The cerebral artist took over three floors at the new SSENSE MONTRÉAL space
If you’ve ever seen Arca perform live, you’ll know his shows are a full-blown assault on the senses. Whether he’s striding across the stage in mechanical hooves, writhing on the floor in a matador jacket and jockstrap, or throwing himself into the audience to immerse fans completely into his radical vision, the musician has carved himself a niche as one of the most transgressive, boundary-pushing artists around today. But last week, his appearance at the launch of SSENSE’s new physical space in Montréal took it to the next level – literally.
Set across three floors in the stark, David Chipperfield-designed building and presented as part of a collaboration with Prada, Tormenta saw Arca grapple with security guards before being led up the store’s concrete staircase, the long swathes of rope that were knotted and wrapped around his body flowing out behind him. The next 90 minutes saw him confined in a cage on the space’s upper floor, entangled in a huge sculpture, and beckoning the camera to follow him, as screens on the levels below displayed CCTV footage of his visceral performance. It was, he said afterwards, inspired by the intensity of a hurricane, and the personal and emotional fallout of being caught up in a particularly frightening storm.
Tormenta is the first of a diverse line-up of events that will take place at the space. Speaking after Arca’s incredible performance, Joerg Koch – founder of 032c and editor-in-chief of ssense.com – summed up the brand’s approach to it’s first physical space and what lies in store for those planning to check it out. “SSENSE doesn’t have a legacy yet, which means we can be very free with what we do,” he explained. “We’ve been able to come up in this space like a wide-eyed child and just be curious about everything. We’re looking at it as a cultural centre, there are no restrictions around what we can do. So we could have Arca perform across three floors, or we could also have a book club in the cafe that’s moderated by one of the editors, or lectures, or a meditation centre, or we could do a project with Virgil (Abloh) where we recreate his studio.” Also on the horizon are a series of takeovers, installations, and exhibitions.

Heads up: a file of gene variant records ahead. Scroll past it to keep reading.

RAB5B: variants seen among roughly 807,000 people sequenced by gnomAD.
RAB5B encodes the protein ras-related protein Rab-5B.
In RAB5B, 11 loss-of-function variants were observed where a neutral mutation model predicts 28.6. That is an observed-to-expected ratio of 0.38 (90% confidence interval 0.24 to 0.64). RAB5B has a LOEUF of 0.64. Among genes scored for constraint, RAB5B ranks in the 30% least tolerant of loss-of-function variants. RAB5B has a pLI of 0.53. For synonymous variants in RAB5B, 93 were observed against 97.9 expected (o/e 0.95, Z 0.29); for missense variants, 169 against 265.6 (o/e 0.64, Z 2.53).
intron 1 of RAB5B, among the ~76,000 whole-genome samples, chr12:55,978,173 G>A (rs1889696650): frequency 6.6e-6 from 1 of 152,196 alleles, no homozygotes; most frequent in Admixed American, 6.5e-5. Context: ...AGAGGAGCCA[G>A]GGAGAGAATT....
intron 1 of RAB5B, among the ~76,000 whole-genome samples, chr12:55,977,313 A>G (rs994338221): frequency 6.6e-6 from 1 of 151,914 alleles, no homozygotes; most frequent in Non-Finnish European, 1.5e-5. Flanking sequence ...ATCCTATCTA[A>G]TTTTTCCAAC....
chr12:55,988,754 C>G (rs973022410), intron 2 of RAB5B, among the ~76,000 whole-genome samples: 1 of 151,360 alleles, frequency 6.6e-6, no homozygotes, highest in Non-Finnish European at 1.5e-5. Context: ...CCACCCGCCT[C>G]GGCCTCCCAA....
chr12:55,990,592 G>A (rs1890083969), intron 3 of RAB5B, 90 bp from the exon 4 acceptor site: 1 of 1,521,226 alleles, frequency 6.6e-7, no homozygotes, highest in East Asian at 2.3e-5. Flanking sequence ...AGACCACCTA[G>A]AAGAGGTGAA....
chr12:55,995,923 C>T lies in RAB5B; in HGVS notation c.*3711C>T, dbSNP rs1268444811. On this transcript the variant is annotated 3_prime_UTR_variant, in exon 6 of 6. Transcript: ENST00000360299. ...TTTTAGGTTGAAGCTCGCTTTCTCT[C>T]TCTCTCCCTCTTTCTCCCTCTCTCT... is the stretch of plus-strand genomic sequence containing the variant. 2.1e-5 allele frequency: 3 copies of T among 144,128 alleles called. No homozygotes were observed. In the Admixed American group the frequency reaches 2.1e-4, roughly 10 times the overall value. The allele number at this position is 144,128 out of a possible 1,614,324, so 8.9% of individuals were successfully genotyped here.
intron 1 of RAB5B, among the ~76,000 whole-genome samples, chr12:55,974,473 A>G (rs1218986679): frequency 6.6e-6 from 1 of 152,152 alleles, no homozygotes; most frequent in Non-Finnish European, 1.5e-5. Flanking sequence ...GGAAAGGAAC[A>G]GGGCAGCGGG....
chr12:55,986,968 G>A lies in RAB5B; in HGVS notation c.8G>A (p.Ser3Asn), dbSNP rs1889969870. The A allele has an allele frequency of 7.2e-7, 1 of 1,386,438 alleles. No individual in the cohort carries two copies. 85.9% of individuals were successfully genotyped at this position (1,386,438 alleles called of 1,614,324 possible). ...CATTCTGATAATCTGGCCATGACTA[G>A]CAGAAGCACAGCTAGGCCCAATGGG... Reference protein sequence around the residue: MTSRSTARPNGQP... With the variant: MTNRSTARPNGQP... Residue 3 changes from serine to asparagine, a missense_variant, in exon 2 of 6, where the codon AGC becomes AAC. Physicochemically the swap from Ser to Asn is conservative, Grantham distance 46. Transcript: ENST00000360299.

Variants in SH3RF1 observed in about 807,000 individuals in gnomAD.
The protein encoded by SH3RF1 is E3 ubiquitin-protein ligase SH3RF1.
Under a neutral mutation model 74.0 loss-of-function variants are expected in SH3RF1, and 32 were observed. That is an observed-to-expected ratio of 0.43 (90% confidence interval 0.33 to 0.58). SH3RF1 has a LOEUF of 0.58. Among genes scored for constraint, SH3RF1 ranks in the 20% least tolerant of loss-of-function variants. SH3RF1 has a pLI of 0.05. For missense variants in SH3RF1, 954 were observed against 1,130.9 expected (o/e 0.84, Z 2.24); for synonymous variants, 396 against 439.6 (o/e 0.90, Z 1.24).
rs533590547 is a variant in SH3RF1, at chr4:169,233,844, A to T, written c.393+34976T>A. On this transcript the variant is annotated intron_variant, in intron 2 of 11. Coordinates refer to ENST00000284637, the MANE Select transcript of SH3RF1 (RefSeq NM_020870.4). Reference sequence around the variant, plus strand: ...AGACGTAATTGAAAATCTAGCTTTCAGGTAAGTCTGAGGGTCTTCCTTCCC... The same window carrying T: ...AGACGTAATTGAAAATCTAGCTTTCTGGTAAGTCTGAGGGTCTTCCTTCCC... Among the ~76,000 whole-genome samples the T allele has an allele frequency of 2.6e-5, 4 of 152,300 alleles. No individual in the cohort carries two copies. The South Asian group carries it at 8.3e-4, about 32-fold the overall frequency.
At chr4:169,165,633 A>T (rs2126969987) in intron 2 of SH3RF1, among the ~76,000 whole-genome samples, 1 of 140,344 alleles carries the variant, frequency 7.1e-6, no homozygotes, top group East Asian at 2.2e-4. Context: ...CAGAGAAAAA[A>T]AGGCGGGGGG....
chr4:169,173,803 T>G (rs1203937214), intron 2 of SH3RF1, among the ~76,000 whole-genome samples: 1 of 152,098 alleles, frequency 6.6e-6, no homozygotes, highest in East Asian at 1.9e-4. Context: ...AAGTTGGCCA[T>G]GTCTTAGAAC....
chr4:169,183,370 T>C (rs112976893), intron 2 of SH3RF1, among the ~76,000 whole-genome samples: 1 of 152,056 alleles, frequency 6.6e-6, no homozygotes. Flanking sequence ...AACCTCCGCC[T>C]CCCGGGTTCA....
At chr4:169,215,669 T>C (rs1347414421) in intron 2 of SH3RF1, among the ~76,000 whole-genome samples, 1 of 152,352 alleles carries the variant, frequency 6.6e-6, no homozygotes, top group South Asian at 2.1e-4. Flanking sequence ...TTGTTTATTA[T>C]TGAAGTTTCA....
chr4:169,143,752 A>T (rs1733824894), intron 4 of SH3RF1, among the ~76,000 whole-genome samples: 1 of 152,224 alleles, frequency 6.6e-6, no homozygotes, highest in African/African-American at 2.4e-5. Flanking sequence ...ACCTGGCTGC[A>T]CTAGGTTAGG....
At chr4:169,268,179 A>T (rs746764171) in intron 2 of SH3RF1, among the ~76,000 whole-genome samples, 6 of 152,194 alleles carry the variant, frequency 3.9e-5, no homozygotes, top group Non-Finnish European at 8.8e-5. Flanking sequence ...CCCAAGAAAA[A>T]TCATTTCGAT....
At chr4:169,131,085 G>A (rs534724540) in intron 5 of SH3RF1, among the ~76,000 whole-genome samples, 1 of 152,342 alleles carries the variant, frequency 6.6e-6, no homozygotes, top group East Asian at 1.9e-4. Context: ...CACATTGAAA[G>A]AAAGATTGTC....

And according to founder Rami Atallah, having an artist like Arca kick the cultural experiences off was a no-brainer. “We’ve always championed the people that are challenging the system and coming up with their own viewpoint,” he explains. “Those are the people driving culture forward, and those are the people we want to support.” Since it launched in 2003, SSENSE has pushed brands including Off-White, Vetements, and Gosha Rubchinskiy out to a global audience, creating tidal waves of hype along the way. The website’s first incarnation was coded by Atallah himself.
With SSENSE MONTRÉAL set to open its doors tomorrow, and the cultural line-up due for release soon, we caught up with Arca to discuss the concept behind Tormenta, the importance of personal experience when performing, and embracing the store’s expansive spaces.
ON HIS INSTINCTUAL APPROACH TO PERFORMANCE
“I’ve always had a hard time knowing why I’m putting myself out there in a particular way, so really I’m still making sense of Tormenta. For me, a lot of the scenes that I’m working with are personal and can sometimes be a little overwhelming. I just try to trust my instincts, and I spend a lot of time working hard to make sure it’s not self-harm or self-mutilation that I’m doing in front of people, but rather an expression of things that I wouldn’t be able to air out in my day-to-day. A lot of it is things that I’m trying to unbury that I might have buried during particular moments of my life. It’s recovering every part of me and trying not to edit it. When I perform, I’m trying to let all of my selves sit together.”
ON THE CONCEPT
“The idea was that the show would be centred around the idea of a hurricane, so a hurricane hits and the second floor – the middle floor – is love, like the eye of the storm. I’ve worked with recordings of rain and storms for a long time, and I think that most people that have been in a really frightening storm will agree that it’s a very private and personal and almost sensual experience, but at the same time it’s also universal and shared. There’s also something very cleansing about storms: you know, after you’ve braced it you can take deeper breaths than you did before it hit.”
ON THE NAME TORMENTA
“When the storm is over and you’re making your way out, you’re different after your contact with it. You left it, and it left you, but you kind of carry it with you. It’s a beautiful thing, this convolution of danger and love – it’s a reminder of what it is to be alive. Kind of an appreciation of life that often happens when you’ve been exposed to danger. So the name for me felt very fitting.”
ON NAVIGATING THE SPACE
“When I saw the new SSENSE space, for me it was about collapsing the relationship between the audience and the artist. In a traditional concert venue there’s a safety that the audience has. They don’t feel like they can be fucked with, and they can just passively drink it all in. With Tormenta I was really interested in playing with the fourth wall breaking through the surveillance and surveilling those surveilling me. The space itself lends itself perfectly to that, it’s really beautiful.”
SSENSE MONTRÉAL opens on May 3, find out more here.